No one has written more feelingly and more beautifully than Nescio about the madness and sadness, courage and vulnerability of youth: its big plans and vague longings, not to mention the binges, crashes, and marathon walks and talks. No one, for that matter, has written with such pristine clarity about the radiating canals of Amsterdam and the cloud-swept landscape of the Netherlands.
Who was Nescio? Nescio—Latin for “I don’t know”—was the pen name of J.H.F. Grönloh, the highly successful director of the Holland–Bombay Trading Company and a father of four—someone who knew more than enough about respectable maturity. Only in his spare time and under the cover of a pseudonym, as if commemorating a lost self, did he let himself go, producing over the course of his lifetime a handful of utterly original stories that contain some of the most luminous pages in modern literature.
This is the first English translation of Nescio’s stories.
About the Author
Jan Hendrik Frederik Grönloh (1882–1961) was born in Amsterdam, the oldest of four children. After an idealistic youth, he joined the Holland–Bombay Trading Company in 1904, becoming director in 1926, suffering a nervous breakdown leading to a short hospitalization in 1927, and retiring at age fifty-five, on December 31, 1937; he married Aagje Tiket (b. 1883) in 1906 and had four daughters with her, born in 1907, 1908, 1909, and 1912. Meanwhile, as Nescio (Latin for “I don’t know”; he adopted a pseudonym so as not to jeopardize his business career, acknowledging his authorship publicly only in 1929), he wrote what is now considered perhaps the best prose in the Dutch language.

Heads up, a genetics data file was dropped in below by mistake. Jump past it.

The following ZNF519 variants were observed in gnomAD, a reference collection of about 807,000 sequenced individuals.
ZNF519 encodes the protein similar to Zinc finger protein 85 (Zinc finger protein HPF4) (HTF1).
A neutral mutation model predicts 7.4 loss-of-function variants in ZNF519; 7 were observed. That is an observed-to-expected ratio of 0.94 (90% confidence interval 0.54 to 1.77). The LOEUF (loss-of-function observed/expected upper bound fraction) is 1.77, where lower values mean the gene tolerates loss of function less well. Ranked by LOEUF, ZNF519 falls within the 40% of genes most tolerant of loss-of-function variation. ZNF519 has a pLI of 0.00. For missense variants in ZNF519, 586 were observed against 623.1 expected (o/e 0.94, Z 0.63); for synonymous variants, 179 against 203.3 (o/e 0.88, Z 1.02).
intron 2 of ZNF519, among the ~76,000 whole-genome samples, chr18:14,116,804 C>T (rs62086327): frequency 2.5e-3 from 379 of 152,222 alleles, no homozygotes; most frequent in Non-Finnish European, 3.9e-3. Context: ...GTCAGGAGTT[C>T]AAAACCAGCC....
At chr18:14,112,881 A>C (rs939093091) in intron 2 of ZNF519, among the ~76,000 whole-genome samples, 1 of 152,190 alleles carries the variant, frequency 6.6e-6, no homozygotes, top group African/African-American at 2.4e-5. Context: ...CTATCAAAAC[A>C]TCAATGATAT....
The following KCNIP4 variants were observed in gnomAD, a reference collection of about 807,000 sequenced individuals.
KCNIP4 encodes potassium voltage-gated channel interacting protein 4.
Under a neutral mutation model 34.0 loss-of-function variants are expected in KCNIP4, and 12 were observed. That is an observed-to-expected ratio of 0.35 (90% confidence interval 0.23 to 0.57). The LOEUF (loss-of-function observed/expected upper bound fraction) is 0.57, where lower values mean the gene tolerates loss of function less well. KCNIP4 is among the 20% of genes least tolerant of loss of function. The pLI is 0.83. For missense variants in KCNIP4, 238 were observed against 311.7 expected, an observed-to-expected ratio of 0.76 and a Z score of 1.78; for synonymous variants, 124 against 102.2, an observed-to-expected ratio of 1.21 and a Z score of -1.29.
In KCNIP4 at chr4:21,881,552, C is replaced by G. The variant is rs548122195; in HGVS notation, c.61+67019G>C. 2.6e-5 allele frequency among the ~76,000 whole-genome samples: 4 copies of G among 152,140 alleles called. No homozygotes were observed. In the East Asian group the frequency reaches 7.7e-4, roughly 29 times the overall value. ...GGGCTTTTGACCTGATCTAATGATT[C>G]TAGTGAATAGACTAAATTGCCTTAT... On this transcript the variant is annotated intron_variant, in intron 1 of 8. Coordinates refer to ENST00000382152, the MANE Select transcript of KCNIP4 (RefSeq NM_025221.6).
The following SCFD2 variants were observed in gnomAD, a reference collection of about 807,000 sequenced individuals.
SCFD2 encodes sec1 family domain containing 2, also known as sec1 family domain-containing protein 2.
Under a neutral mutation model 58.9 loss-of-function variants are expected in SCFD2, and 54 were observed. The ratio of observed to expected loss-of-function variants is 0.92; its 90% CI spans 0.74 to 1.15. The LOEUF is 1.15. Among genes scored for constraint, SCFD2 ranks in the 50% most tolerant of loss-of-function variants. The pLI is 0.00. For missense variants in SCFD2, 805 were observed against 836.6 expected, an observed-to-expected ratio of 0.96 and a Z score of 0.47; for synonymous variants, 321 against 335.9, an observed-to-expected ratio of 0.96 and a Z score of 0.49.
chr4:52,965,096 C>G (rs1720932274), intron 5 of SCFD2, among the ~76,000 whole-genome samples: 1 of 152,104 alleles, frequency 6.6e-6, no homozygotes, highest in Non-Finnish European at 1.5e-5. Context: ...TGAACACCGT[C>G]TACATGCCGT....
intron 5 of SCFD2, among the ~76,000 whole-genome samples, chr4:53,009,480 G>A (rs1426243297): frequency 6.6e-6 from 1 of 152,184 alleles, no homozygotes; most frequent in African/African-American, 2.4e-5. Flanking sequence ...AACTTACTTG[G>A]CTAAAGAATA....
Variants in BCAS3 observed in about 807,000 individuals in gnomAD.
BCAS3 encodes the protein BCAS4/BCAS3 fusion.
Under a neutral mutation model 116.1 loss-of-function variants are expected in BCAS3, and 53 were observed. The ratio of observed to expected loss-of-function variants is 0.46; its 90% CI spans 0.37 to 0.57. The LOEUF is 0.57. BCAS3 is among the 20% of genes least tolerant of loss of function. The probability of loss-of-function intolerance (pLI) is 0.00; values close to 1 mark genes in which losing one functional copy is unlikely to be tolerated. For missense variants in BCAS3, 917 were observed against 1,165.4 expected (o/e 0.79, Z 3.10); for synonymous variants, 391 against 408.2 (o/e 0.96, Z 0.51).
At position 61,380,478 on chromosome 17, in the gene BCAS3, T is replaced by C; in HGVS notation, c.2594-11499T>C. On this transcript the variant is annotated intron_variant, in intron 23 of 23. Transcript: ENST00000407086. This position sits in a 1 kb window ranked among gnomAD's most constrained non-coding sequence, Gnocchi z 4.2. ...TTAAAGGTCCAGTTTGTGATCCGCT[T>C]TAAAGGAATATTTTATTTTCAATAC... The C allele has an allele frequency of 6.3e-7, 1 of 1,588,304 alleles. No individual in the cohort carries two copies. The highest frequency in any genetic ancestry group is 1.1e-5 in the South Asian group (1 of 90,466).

Damion Searls is a translator from German, French, Norwegian, and Dutch and a writer in English. His own books include What We Were Doing and Where We Were Going, The Inkblots,and The Philosophy of Translation. He received the Helen and Kurt Wolff Translator's Prize in 2019 for Uwe Johnson's Anniversaries.
Joseph O’Neill is the author of four novels, most recently The Dog. Born in Ireland, he spent most of his childhood in the Netherlands.
"No book published in the last ten years has had a bigger impact on me, one of those books that speaks directly to your gut, a revelation. … [T]here’s something unclassifiable about the way Nescio goes about his stories, as if every sentence is a surprise even to the writer, a spontaneous irruption. At the same time, there’s nobody less pretentious and more down-to-earth.”—Peter Orner, author of Maggie Brown & Others, LitHub’s “26 Books from the Last Decade that More People Should Read”
“His utter simplicity goes hand-in-hand with a great command of humour, irony, matter-of-factness, understatement and sentiment (never sentimtality or self-pity) all of which miraculously balance each other out. ... Nescio is essentially a lyricist, a poet writing in prose.” —Dutch Foundation for Literature
“In every respect the work of Nescio represents an exception to the calm, bourgeois realism of the early twentieth century. ... He was arguably the most non-conformist writer of his time. . . . In his stories Nescio created a number of extraordinary characters, who have become legendary in Dutch culture.” —Theo Hermans, A Literary History of the Low Countries “Though he published few stories, his position in Dutch literature is a very special one.” —Cassell’s Encyclopedia of World Literature
“Nescio’s utter simplicity goes hand-in-hand with a great command of humour, irony, matter-of-factness, understatement and sentiment (never sentimentality or self-pity), all of which miraculously balance each other out. He is essentially a lyricist, a poet writing in prose.” —Dutch Foundation for Literature